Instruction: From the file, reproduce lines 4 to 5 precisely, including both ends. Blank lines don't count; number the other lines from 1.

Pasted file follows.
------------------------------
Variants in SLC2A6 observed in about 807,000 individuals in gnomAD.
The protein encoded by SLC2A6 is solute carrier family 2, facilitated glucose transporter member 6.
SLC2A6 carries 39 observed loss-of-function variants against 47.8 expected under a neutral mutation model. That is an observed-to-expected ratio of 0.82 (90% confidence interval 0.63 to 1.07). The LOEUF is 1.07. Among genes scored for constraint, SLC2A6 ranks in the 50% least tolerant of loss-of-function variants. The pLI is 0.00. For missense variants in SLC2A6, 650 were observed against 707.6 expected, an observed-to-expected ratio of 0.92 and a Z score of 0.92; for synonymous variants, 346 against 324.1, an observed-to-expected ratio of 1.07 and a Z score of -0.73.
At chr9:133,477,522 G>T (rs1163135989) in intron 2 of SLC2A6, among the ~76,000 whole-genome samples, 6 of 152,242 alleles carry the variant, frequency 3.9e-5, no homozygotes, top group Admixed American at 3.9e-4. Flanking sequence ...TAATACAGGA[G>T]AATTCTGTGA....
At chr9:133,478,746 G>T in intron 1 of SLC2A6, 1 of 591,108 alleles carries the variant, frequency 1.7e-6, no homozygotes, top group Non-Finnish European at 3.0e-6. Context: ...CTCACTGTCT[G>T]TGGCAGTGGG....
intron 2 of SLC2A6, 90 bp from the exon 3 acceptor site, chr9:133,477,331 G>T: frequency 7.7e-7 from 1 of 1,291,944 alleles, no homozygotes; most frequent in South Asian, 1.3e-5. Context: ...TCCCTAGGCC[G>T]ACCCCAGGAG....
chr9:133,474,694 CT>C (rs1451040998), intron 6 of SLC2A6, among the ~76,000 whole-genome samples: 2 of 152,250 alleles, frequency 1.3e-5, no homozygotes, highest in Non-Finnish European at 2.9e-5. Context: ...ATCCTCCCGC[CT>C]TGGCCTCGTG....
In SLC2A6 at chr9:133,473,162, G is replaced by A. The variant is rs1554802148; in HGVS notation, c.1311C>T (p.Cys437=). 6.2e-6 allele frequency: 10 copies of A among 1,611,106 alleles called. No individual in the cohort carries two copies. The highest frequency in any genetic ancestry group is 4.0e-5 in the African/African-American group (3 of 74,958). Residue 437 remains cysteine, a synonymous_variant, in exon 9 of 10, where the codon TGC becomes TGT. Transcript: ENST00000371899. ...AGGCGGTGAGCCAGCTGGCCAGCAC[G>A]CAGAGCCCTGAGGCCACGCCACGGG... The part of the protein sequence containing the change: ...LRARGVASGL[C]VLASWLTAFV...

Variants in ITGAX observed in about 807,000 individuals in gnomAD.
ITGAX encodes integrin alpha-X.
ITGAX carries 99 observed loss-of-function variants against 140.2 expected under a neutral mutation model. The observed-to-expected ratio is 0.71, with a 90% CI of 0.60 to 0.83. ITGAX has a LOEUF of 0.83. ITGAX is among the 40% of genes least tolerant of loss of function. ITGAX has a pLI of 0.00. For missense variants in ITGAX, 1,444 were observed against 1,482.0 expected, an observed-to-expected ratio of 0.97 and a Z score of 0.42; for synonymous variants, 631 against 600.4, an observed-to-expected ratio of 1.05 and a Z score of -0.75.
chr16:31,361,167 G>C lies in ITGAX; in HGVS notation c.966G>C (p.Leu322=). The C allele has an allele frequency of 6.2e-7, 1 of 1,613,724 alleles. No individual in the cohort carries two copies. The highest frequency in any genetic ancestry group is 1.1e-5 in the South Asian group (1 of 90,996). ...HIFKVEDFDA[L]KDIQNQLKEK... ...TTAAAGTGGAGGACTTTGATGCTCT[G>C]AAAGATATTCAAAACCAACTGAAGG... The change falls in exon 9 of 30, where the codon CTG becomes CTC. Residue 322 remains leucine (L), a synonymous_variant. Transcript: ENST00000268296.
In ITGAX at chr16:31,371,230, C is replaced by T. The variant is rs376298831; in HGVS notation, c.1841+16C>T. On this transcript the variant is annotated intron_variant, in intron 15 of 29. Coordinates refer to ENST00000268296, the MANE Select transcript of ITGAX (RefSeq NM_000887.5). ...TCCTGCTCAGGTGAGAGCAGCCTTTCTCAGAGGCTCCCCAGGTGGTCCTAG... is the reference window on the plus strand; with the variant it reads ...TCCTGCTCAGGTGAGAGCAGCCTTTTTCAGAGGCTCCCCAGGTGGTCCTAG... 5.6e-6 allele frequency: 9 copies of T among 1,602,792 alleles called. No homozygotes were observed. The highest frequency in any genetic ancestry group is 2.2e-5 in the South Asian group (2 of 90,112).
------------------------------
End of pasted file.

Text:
At chr9:133,477,522 G>T (rs1163135989) in intron 2 of SLC2A6, among the ~76,000 whole-genome samples, 6 of 152,242 alleles carry the variant, frequency 3.9e-5, no homozygotes, top group Admixed American at 3.9e-4. Flanking sequence ...TAATACAGGA[G>T]AATTCTGTGA....
At chr9:133,478,746 G>T in intron 1 of SLC2A6, 1 of 591,108 alleles carries the variant, frequency 1.7e-6, no homozygotes, top group Non-Finnish European at 3.0e-6. Context: ...CTCACTGTCT[G>T]TGGCAGTGGG....